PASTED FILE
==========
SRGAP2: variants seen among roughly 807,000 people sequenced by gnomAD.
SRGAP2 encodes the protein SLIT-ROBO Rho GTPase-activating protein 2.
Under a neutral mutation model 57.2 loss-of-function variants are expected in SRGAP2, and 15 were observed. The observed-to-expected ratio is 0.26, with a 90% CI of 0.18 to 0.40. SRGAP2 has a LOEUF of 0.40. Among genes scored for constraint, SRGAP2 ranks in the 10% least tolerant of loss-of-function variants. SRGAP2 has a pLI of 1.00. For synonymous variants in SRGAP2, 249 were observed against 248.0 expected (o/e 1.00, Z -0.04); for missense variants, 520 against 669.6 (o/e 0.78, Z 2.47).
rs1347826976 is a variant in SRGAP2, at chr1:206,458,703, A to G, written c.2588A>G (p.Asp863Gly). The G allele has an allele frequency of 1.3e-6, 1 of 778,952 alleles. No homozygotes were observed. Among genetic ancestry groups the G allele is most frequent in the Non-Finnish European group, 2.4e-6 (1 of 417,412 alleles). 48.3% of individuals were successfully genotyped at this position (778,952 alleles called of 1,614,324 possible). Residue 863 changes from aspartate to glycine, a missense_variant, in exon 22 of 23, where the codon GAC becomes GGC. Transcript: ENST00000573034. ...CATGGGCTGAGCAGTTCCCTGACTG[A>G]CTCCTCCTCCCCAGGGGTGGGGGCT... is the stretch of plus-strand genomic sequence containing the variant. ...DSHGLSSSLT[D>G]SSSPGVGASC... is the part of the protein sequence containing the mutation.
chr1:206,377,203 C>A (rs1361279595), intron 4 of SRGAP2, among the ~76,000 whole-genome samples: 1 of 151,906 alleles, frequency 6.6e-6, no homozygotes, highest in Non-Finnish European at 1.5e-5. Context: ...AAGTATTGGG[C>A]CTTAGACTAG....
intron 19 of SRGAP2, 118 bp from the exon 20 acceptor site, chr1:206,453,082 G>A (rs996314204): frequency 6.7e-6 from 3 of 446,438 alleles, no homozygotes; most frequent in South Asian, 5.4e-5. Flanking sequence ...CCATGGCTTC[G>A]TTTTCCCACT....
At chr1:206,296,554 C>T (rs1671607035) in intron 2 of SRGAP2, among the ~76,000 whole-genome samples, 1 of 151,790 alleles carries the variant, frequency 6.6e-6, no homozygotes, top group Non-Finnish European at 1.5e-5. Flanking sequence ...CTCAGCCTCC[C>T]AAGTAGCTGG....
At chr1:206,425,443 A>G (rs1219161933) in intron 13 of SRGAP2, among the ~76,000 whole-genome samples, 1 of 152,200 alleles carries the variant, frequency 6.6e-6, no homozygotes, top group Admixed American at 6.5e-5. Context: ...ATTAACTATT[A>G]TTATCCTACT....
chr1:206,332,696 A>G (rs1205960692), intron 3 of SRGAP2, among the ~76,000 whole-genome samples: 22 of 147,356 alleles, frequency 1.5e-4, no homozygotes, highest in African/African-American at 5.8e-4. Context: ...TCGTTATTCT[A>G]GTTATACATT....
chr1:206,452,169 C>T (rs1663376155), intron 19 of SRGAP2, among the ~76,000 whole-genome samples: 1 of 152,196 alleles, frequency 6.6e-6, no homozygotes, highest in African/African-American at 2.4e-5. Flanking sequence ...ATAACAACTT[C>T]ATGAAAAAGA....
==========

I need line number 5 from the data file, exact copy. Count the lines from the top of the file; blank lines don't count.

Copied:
chr1:206,377,203 C>A (rs1361279595), intron 4 of SRGAP2, among the ~76,000 whole-genome samples: 1 of 151,906 alleles, frequency 6.6e-6, no homozygotes, highest in Non-Finnish European at 1.5e-5. Context: ...AAGTATTGGG[C>A]CTTAGACTAG....